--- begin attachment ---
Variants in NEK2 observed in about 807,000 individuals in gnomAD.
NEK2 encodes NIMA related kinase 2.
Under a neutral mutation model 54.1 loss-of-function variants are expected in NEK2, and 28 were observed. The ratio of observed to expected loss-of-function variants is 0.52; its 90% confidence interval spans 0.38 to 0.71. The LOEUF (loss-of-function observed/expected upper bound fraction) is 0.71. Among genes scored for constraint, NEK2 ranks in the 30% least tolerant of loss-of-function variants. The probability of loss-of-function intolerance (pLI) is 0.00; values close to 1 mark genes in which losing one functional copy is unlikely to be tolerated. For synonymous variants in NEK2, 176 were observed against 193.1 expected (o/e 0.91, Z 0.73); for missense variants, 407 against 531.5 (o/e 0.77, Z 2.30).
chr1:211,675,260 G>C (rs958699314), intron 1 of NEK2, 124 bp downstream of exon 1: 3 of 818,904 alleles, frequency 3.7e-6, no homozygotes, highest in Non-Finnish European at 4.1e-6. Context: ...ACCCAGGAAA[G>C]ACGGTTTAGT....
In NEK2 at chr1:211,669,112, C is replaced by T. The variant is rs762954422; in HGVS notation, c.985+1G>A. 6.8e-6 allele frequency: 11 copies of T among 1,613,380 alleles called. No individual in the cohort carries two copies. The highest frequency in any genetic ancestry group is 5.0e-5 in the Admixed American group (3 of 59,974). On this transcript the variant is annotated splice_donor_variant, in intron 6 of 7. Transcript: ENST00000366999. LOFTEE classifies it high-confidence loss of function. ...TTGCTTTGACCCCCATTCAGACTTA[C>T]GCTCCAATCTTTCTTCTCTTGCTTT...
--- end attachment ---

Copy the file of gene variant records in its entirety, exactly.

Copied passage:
Variants in NEK2 observed in about 807,000 individuals in gnomAD.
NEK2 encodes NIMA related kinase 2.
Under a neutral mutation model 54.1 loss-of-function variants are expected in NEK2, and 28 were observed. The ratio of observed to expected loss-of-function variants is 0.52; its 90% confidence interval spans 0.38 to 0.71. The LOEUF (loss-of-function observed/expected upper bound fraction) is 0.71. Among genes scored for constraint, NEK2 ranks in the 30% least tolerant of loss-of-function variants. The probability of loss-of-function intolerance (pLI) is 0.00; values close to 1 mark genes in which losing one functional copy is unlikely to be tolerated. For synonymous variants in NEK2, 176 were observed against 193.1 expected (o/e 0.91, Z 0.73); for missense variants, 407 against 531.5 (o/e 0.77, Z 2.30).
chr1:211,675,260 G>C (rs958699314), intron 1 of NEK2, 124 bp downstream of exon 1: 3 of 818,904 alleles, frequency 3.7e-6, no homozygotes, highest in Non-Finnish European at 4.1e-6. Context: ...ACCCAGGAAA[G>C]ACGGTTTAGT....
In NEK2 at chr1:211,669,112, C is replaced by T. The variant is rs762954422; in HGVS notation, c.985+1G>A. 6.8e-6 allele frequency: 11 copies of T among 1,613,380 alleles called. No individual in the cohort carries two copies. The highest frequency in any genetic ancestry group is 5.0e-5 in the Admixed American group (3 of 59,974). On this transcript the variant is annotated splice_donor_variant, in intron 6 of 7. Transcript: ENST00000366999. LOFTEE classifies it high-confidence loss of function. ...TTGCTTTGACCCCCATTCAGACTTA[C>T]GCTCCAATCTTTCTTCTCTTGCTTT...